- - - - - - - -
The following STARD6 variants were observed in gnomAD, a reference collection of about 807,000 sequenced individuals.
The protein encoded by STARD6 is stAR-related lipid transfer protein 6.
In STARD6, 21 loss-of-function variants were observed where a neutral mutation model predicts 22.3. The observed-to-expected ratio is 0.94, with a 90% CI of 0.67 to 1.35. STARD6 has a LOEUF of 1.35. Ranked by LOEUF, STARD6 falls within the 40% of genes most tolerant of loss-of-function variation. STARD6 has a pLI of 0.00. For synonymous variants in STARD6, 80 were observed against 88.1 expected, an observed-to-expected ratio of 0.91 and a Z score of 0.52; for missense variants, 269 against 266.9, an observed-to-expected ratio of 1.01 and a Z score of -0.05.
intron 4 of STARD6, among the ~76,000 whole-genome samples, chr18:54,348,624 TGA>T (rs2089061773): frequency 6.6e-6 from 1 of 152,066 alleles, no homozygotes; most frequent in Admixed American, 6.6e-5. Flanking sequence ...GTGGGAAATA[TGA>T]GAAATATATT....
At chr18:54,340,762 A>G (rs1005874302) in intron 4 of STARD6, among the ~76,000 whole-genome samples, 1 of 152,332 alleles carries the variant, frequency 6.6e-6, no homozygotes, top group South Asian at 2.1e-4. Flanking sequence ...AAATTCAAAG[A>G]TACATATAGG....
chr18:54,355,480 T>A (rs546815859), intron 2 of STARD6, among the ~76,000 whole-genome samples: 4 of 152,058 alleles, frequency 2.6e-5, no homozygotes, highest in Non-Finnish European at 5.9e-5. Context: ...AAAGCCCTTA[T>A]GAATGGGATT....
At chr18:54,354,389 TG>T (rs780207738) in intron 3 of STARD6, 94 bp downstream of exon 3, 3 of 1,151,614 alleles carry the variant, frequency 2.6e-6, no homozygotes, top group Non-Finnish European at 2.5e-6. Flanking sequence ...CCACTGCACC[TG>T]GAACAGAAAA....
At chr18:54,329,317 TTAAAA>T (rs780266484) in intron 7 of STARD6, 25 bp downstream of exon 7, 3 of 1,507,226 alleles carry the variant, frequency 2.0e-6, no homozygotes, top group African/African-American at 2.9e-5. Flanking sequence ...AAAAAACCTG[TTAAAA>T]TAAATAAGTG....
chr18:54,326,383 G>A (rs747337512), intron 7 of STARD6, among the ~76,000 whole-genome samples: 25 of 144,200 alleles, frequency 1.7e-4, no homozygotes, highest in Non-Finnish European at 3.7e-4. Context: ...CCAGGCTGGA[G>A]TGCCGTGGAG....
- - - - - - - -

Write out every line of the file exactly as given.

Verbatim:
The following STARD6 variants were observed in gnomAD, a reference collection of about 807,000 sequenced individuals.
The protein encoded by STARD6 is stAR-related lipid transfer protein 6.
In STARD6, 21 loss-of-function variants were observed where a neutral mutation model predicts 22.3. The observed-to-expected ratio is 0.94, with a 90% CI of 0.67 to 1.35. STARD6 has a LOEUF of 1.35. Ranked by LOEUF, STARD6 falls within the 40% of genes most tolerant of loss-of-function variation. STARD6 has a pLI of 0.00. For synonymous variants in STARD6, 80 were observed against 88.1 expected, an observed-to-expected ratio of 0.91 and a Z score of 0.52; for missense variants, 269 against 266.9, an observed-to-expected ratio of 1.01 and a Z score of -0.05.
intron 4 of STARD6, among the ~76,000 whole-genome samples, chr18:54,348,624 TGA>T (rs2089061773): frequency 6.6e-6 from 1 of 152,066 alleles, no homozygotes; most frequent in Admixed American, 6.6e-5. Flanking sequence ...GTGGGAAATA[TGA>T]GAAATATATT....
At chr18:54,340,762 A>G (rs1005874302) in intron 4 of STARD6, among the ~76,000 whole-genome samples, 1 of 152,332 alleles carries the variant, frequency 6.6e-6, no homozygotes, top group South Asian at 2.1e-4. Flanking sequence ...AAATTCAAAG[A>G]TACATATAGG....
chr18:54,355,480 T>A (rs546815859), intron 2 of STARD6, among the ~76,000 whole-genome samples: 4 of 152,058 alleles, frequency 2.6e-5, no homozygotes, highest in Non-Finnish European at 5.9e-5. Context: ...AAAGCCCTTA[T>A]GAATGGGATT....
At chr18:54,354,389 TG>T (rs780207738) in intron 3 of STARD6, 94 bp downstream of exon 3, 3 of 1,151,614 alleles carry the variant, frequency 2.6e-6, no homozygotes, top group Non-Finnish European at 2.5e-6. Flanking sequence ...CCACTGCACC[TG>T]GAACAGAAAA....
At chr18:54,329,317 TTAAAA>T (rs780266484) in intron 7 of STARD6, 25 bp downstream of exon 7, 3 of 1,507,226 alleles carry the variant, frequency 2.0e-6, no homozygotes, top group African/African-American at 2.9e-5. Flanking sequence ...AAAAAACCTG[TTAAAA>T]TAAATAAGTG....
chr18:54,326,383 G>A (rs747337512), intron 7 of STARD6, among the ~76,000 whole-genome samples: 25 of 144,200 alleles, frequency 1.7e-4, no homozygotes, highest in Non-Finnish European at 3.7e-4. Context: ...CCAGGCTGGA[G>A]TGCCGTGGAG....